• Table of contents

    • [+]Preliminaries (3)
    • [+]Introduction (4)
    • [+]Latin America (13)
    • [+]Sub-Saharan Africa (9)
    • [+]Arab World (11)
    • [+]Russia (11)
    • [—]India (11)
    • [+]China (9)
    • [+]Conclusions (6)
    • [+]Appendix (1)


Public sector efforts: scientific repositories, virtual libraries and mass-market devices

If, as we have sought to show, Indian commercial platforms demonstrate remarkable dynamism, free-access websites are certainly not to be outdone.

First of all, we find hundreds of institutional repositories built using free and open source software – in particular EPrints and DSpace. A considerable number of these portals host texts related to applied sciences and aim to give visibility to India’s abundant academic production, through open access.[1] One example is the Ministry of Earth Sciences Repository – a government initiative that compiles scientific articles, lectures, books, theses and reports, mainly in PDF. The Indian Institute of Astrophysics Repository, for its part, has over 5,000 items organized into around a dozen collections. Lastly, the Online Publications Repository, run by the National Institute of Science Communication and Information Resources (NISCAIR) brings together almost 10,000 academic articles from twenty or so journals written in English and in languages native to India.

In addition to sites with scientific material, we also find portals that host texts, images and other examples of the country’s cultural legacy. A case in point is the Panjab Digital Library, which has scanned millions of pages since 2003 and offers visitors the chance to savour manuscripts, books, magazines, newspapers and photographs of great beauty and historical value originating from this region. In November 2004, the Times of India wrote:

[The Panjab Digital Library has] put the crumbling, yellowing pages with delicate calligraphy into the time machine and pressed the eternity button.[2]

The Library has set-up an open space for volunteers who wish to participate in the digitization, IT development and fund-raising work.[3]

Lastly, the Indian Institute of Science, based in Bangalore, has spent years digitizing books in English, Hindi, Sanskrit and other local languages. This ambitious initiative, designed to create the Digital Library of India, is part of the Million Book Project, the universal archive sponsored by Carnegie Mellon University in the US. The official portal of the Digital Library of India is not properly up and running yet[4] (in February 2011), and currently the texts have to be consulted on mirror sites.[5]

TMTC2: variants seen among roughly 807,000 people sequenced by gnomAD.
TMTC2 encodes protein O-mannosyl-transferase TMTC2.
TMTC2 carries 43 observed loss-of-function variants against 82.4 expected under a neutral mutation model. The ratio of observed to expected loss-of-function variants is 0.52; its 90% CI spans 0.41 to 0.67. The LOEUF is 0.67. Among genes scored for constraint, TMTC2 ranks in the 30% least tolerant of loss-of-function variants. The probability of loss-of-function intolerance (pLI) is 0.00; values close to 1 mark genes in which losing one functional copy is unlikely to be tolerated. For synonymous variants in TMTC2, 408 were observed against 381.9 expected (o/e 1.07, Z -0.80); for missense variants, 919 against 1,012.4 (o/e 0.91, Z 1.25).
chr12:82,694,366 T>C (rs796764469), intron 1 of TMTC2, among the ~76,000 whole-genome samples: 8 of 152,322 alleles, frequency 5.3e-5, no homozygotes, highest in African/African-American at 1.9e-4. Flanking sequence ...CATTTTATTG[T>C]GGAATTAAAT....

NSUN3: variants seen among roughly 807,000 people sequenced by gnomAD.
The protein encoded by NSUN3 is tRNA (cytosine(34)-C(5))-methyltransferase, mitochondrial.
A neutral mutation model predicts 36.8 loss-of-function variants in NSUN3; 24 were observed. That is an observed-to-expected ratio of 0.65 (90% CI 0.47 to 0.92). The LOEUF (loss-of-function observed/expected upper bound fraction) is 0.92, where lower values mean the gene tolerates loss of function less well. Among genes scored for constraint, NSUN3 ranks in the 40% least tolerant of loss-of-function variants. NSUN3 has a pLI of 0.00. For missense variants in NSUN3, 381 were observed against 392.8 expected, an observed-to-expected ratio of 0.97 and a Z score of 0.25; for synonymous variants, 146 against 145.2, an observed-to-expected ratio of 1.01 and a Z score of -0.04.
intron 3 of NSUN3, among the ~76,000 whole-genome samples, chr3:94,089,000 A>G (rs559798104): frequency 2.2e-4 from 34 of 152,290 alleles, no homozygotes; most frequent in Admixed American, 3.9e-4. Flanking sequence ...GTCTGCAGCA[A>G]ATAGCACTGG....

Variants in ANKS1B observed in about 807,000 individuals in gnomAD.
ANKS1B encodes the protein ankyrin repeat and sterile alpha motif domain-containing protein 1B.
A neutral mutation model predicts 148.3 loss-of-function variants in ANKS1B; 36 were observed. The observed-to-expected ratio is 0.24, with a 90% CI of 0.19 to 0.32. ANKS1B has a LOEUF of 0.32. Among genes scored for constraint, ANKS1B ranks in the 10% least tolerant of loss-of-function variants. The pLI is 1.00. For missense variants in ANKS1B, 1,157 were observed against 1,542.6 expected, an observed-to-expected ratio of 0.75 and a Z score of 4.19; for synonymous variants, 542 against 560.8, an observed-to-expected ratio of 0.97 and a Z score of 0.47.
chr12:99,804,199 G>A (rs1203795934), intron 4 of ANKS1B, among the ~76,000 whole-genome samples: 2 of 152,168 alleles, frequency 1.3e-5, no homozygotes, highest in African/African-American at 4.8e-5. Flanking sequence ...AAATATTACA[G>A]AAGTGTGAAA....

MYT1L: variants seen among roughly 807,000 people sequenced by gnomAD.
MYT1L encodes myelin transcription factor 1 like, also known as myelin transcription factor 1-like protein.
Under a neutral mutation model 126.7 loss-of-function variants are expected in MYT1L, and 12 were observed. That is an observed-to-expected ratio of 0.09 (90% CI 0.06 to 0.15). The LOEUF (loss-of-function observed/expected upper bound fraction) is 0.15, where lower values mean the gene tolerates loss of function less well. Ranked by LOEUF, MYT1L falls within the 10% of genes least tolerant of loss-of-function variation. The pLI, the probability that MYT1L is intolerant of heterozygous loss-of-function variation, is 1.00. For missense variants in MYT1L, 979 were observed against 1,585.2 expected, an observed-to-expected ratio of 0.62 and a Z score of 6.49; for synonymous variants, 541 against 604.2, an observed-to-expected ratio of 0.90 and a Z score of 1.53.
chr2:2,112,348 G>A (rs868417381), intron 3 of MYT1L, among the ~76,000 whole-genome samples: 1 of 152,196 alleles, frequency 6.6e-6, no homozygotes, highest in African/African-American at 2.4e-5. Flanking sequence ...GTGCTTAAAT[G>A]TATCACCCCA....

The impetus given to scientific repositories and virtual libraries is a further indication of the efforts made by the Indian State to reduce the digital gap. This zeal is also demonstrated by the numerous initiatives to produce and distribute hardware for the masses, due to the fact that in smaller towns there aren’t usually any computers or fixed connections for accessing Web content. In July 2010, the Indian Ministry of Human Resource Development presented the prototype for a tablet designed for students costing 35 dollars, that is to say, several times less than the Apple iPad.[6] According to some sources, this device symbolized India’s response to OLPC’s 100 dollar laptops.[7] The initiative sparked heated controversy in the local and international media, in particular because on previous occasions the Indian government had released resounding statements about devices for the masses that ended up coming to nothing.[8] In any case, it is undeniable that handing out hardware on a massive scale is very much a part of the State’s plans and we will have to watch carefully to see what happens in this area in the future.

  1. Cf. Ghosh, S.B. and Kumar Das, Anup, “Open access and institutional repositories – a developing country perspective: a case study of India”, World Library and Information Congress: 72nd IFLA General Conference and Council, 2006.
  2. Cf. “Media Room”, Panjab Digital Library.
  3. Cf. “Volunteer”, Panjab Digital Library.
  4. Cf. http://www.dli.ernet.in/.
  5. Cf. for example: http://www.dli.cdacnoida.in/.
  6. Cf. Halliday, Josh: “India unveils world’s cheapest laptop”, Guardian.co.uk, 23rd July, 2010.
  7. Cf. “India unveils prototype for $35 touch-screen computer”, BBC News, 23rd July, 2010.
  8. Cf. Roy, Prasanto K.: “Why India’s $35 computer joke isn’t funny”, The Economic Times, 26th July, 2010.

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